Table 1 :Oral manifestations of chronic renal failure and related therapies.

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Oral diseases are a source of active infection in the medically compromised renal diseased individuals and, as such, have dire implica­tions for morbidity and mortality. The dentist must be aware of the effect of renal disease and hemodialysis on dental treatment. The re­nal patient's dental disease can compromise the patient's general health and hamper medical management. Therefore, the dentist is a funda­mental provider in the overall health care of patients with this disease. Awareness must be raised among dialysis patients, their nephro­logists and their dentists about the need for basic dental deterrence.

   References Top

1.Proctor R, Kumar N, Stein A, Moles D, Porter S. Oral and dental aspects of chronic renal failure. J Dent Res 2005;84(3):199-208.  Back to cited text no. 1
2.Ansell D, Feest T. UK Renal Registry Report 2002. Bristol, UK: UK Renal Registry, 2002.  Back to cited text no. 2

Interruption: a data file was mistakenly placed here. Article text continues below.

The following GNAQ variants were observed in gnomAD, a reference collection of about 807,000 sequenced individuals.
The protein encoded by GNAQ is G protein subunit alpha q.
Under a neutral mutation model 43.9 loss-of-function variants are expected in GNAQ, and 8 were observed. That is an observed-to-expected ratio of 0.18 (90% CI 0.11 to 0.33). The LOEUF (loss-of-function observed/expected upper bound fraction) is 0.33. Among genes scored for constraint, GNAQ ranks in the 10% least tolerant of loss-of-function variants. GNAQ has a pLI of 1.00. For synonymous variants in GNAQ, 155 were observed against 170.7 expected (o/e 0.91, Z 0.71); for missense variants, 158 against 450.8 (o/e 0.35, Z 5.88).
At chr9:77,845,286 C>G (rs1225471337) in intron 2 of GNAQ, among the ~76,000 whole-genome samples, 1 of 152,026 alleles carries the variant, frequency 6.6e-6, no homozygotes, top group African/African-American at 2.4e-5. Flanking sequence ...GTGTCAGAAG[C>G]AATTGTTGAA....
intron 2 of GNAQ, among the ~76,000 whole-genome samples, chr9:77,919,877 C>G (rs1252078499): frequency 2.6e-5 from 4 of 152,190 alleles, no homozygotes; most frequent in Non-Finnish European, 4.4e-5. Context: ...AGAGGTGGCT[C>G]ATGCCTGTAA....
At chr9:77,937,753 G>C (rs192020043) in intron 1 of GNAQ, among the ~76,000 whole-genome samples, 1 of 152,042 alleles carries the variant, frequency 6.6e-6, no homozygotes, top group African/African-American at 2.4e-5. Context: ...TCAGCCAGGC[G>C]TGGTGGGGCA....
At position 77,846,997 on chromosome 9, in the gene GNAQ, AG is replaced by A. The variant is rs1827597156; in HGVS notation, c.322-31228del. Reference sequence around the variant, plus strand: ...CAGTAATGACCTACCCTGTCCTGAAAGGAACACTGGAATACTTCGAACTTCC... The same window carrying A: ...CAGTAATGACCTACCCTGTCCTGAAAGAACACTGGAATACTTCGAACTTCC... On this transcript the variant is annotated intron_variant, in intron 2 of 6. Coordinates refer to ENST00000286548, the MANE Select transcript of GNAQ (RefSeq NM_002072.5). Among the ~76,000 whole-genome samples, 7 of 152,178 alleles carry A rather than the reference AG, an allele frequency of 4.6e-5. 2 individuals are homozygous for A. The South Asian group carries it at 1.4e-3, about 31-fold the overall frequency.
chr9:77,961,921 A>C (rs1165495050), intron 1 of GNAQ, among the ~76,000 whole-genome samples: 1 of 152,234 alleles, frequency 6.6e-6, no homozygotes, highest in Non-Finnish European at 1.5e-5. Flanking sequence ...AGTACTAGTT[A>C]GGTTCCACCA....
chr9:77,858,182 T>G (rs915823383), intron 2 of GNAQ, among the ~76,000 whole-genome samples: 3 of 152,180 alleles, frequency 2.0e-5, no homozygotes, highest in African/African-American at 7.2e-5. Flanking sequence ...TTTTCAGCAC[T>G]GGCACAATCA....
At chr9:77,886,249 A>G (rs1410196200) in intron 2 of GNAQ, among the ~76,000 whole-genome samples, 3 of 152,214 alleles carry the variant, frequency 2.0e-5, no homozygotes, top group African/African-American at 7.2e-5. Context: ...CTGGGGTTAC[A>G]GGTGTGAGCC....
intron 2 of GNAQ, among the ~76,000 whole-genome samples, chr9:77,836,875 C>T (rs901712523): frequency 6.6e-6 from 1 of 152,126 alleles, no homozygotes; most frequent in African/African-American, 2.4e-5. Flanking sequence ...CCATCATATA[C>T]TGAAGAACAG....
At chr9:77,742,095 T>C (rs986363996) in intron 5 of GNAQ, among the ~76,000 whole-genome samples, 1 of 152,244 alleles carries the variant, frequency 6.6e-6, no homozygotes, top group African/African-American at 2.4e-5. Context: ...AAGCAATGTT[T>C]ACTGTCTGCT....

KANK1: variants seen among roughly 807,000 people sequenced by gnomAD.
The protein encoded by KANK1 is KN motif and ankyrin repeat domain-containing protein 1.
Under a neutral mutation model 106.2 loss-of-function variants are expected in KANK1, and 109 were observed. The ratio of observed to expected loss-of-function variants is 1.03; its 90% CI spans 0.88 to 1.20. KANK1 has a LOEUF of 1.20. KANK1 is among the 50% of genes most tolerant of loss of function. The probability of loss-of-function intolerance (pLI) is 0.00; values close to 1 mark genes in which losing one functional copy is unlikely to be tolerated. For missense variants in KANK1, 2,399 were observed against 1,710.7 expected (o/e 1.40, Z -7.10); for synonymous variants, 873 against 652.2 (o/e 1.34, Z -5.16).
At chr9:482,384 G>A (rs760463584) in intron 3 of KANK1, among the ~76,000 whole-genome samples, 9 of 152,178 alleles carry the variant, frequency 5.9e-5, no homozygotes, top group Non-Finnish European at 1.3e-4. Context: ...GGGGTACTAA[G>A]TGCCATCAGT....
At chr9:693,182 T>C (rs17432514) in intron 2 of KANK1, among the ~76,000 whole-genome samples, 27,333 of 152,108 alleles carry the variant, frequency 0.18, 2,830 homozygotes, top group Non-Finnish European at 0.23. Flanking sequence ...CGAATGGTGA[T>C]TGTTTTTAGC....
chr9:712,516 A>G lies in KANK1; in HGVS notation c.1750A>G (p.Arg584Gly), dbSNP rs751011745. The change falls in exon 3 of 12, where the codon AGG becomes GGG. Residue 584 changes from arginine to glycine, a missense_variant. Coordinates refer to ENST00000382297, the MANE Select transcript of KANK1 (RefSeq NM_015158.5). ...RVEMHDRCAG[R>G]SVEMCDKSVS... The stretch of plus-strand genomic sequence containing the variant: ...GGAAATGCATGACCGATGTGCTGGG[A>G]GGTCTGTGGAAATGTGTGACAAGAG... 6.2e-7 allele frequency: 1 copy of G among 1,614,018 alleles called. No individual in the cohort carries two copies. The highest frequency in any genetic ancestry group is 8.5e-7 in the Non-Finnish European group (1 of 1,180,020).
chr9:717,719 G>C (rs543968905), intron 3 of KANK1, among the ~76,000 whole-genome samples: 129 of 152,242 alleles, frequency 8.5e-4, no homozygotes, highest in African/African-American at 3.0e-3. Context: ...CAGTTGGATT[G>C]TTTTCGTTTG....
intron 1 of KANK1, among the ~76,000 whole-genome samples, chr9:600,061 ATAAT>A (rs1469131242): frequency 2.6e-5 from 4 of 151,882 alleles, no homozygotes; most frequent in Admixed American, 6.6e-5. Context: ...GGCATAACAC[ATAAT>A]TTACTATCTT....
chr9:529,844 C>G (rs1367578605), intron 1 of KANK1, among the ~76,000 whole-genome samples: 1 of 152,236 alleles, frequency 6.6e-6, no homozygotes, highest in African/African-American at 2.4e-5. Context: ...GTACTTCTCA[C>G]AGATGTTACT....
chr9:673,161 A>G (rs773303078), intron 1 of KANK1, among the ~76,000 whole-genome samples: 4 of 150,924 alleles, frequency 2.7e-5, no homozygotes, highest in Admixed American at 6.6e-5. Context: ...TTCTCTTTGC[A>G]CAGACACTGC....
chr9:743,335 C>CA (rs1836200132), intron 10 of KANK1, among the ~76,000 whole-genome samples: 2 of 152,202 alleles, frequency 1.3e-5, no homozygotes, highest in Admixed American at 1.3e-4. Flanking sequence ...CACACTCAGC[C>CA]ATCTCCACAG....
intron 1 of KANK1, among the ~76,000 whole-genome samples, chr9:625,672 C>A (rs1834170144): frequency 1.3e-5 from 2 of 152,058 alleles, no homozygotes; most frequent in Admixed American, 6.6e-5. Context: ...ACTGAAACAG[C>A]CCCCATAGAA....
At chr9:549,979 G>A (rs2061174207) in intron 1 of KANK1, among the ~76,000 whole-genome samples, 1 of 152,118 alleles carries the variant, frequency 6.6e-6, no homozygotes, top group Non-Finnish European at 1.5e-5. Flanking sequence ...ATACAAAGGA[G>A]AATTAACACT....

3.McDonald SP, Russ GR, eds. Anzdata Registry Report, Australia and New Zealand Dialysis and Transplant Registry. Adelaide, South Australia, 2002  Back to cited text no. 3
4.Klassen JT, Krasko BM. The dental health status of dialysis patients. J Can Dent Assoc 2002;68(1):34-8.  Back to cited text no. 4
5.De Rossi SS, Glick M. Dental considerations for the patient with renal disease receiving hemodialysis. J Am Dent Assoc 1996;127:211­9.  Back to cited text no. 5
6.Levison SP. Diseases of the kidney and disturbances in electrolyte metabolism. In: Rose LF, Kaye D, eds. Internal medicine for dentistry. 2nd ed. St Louis: Mosby-Year Book; 1990:515-91.  Back to cited text no. 6
7.Eigner TL, Justak TJ, Bennett WM. Achieving oral health in patients with renal failure and renal transplants. J Am Dent Assoc 1986;113: 612-6.  Back to cited text no. 7
8.Gabriel R. Morbidity and mortality of long­term haemodialysis: a review. J R Soc Med 1984;77:595-601.  Back to cited text no. 8
9.Sowell SB. Dental care for patients with renal failure and renal transplants. J Am Dent Assoc 1982;104:171-7.  Back to cited text no. 9

Correspondence Address:
Rajiv Saini
Department of Periodontology, Rural Dental College, Loni, Maharashtra
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Source of Support: None, Conflict of Interest: None

PMID: 21060196